Inflatable pads are also far less bulky than closed-cell foam mats. CCF pads have to be strapped to the outside of your pack. Whether secured horizontally to the top or bottom of your pack or vertically in a pocket or through bungee straps, tight squeezes and bushwhacking could catch your extra surface area, scratching the pad and slowing you down. I’ve become accustomed to my pack’s extra width and height thanks to the closed-cell foam pad, but scrambling through slot canyons still poses a challenge.

An inflatable pad could be all you need, depending on the terrain. Sharp rocks, branches, thorns, or cactus needles all pose threats, but your tent bottom should provide ample protection for a durable inflatable pad. The weight of one heavier pad compared to two lighter pads will, of course, be comparable, and nothing can replace a solid sleep before a double-digit mile day.

More expensive, more comfortable, and warmer, inflatable pads are worth the investment if it’s the only way you’ll get some shut-eye. Whether you choose a CCF pad, inflatable pad or double up, take into account what features matter most to you in the backcountry.

Dual Sleep System


  • Comfortable
  • Warm
  • All-season sleep system
  • Back-up options
  • Versatile


  • Have to buy two pads
  • Have to carry two pads

Even if you can’t give up your plush inflatable pad on the grounds of comfort alone, there are a few reasons why even inflatable fanatics might supplement their sleep system with a closed-cell foam pad. As team-closed-cell-foam as I am, I certainly won’t be doing winter desert trips armed with only an R value of 2. You can set yourself up for all seasons while saving yourself the weight when the weather is warm by rooting for both sides of the great sleeping pad debate. 

R values can be combined, so adding a CCF pad underneath an inflatable will keep you warmer and more comfortable. An added benefit to a dual pad sleep system is that your inflatable pad is less likely to puncture or deflate when it’s protected from rocks and sticks by the foam pad. If the worst happens and your inflatable pad does experience an issue, you at least have a closed-cell foam pad to fall back on rather than subjecting yourself to the cold hard ground, or worse, cutting your trip short.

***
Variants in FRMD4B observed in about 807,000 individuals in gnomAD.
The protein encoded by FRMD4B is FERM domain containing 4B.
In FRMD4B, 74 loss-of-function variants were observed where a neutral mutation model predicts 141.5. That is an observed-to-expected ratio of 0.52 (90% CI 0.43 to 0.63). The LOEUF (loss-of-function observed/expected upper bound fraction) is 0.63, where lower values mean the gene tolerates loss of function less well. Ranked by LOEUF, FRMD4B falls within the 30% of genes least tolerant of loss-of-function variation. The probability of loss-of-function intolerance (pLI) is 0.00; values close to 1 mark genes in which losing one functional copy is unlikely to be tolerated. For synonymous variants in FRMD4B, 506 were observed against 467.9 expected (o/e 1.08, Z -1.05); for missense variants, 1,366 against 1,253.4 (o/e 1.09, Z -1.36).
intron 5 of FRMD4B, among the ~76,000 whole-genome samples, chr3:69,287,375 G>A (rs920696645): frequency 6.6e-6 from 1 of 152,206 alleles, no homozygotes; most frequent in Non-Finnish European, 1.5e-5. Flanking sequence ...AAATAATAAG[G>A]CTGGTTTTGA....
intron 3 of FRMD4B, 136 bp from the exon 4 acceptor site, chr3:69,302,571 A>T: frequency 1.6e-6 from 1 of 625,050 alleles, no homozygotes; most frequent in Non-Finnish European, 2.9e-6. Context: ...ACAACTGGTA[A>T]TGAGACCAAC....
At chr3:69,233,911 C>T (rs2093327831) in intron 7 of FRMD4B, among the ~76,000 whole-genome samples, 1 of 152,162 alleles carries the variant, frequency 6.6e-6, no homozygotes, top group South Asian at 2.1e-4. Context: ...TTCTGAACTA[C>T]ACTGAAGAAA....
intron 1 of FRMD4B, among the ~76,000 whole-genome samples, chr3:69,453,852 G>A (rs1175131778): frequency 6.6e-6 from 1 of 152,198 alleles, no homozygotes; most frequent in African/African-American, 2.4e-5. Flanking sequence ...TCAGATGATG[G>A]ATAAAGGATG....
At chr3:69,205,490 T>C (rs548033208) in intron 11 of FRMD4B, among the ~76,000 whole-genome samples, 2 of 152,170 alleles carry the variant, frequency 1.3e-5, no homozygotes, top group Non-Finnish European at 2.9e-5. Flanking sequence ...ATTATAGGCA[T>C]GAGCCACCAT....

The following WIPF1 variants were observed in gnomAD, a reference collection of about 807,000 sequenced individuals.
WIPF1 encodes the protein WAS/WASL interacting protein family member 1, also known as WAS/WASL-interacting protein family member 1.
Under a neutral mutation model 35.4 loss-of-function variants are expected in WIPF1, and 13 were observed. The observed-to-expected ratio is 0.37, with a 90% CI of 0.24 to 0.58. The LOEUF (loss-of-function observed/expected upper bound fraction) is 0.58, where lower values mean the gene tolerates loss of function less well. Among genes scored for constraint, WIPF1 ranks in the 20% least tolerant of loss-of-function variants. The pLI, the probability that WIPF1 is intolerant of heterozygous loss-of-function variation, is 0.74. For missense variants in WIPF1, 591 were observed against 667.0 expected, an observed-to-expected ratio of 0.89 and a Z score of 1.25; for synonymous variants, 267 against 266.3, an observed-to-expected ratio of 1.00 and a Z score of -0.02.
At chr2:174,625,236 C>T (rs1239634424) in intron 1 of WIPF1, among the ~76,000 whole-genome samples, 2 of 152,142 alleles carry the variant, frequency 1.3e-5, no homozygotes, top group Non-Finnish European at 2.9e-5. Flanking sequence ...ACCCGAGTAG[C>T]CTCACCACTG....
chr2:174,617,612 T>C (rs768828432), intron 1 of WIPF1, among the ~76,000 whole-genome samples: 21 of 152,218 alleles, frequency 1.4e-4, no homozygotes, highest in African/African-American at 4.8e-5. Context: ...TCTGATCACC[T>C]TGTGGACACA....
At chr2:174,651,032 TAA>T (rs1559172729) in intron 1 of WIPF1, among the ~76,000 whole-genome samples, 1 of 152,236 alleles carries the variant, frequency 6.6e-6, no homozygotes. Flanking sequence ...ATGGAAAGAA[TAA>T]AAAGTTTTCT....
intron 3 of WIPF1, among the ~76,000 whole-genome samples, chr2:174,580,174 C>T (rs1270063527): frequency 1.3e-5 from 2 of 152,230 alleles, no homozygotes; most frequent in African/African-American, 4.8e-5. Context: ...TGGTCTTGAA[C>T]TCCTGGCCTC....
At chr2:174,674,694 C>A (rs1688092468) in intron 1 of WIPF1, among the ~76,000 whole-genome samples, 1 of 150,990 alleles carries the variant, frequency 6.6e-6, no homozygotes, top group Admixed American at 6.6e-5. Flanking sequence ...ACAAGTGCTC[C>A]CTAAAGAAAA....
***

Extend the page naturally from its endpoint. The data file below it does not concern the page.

The versatility of closed-cell foam pads also can’t be underrated. Recently, after cresting a pass I was greeted with a sharply declining talus field. Instead of slowly working my way down shifting and slippery rock, I found a line of snow running the length of the pass. I hopped on my closed-cell foam pad like a magic carpet and installed an ice axe for a brake before sledding down the mountain, saving myself precious time and energy (and having a damn good time doing it). If I’d only had an inflatable pad, I’d have had to dig it out of my bag (immediately no), inflate it, and then manage to get down without popping it before deflating, rolling, and replacing it in the ultralight version of Mary Poppins’ purse. Though if I am being honest, no one is going to risk a poppable and pricey sleeping pad to save 30 minutes on day three of a seven day trip.

An inflatable and CCF pad sitting in tent.
My hiking partner brings a closed-cell foam butt pad along with his inflatable pad, but you can maximize space by using a CCF sleeping pad as a butt pad and hot pad. Ashley Thess

Closed-cell foam pads can also be used to fan a fire or as a hot pad when you’re too hungry to let your pot cool (every meal), a butt pad for breaks, and extra insulation in a pinch. Versatility, reliability, and efficiency are the keys to selecting backpacking gear, making a closed-cell foam pad an easy addition in my mind.

Ashley Thess Avatar

Ashley Thess

Assistant Gear Editor

Ashley Thess is the Assistant Gear Editor for Outdoor Life, where she edits and writes gear reviews. Originally from Missouri, she now lives in Salt Lake City, Utah, where she keeps an unruly gear closet.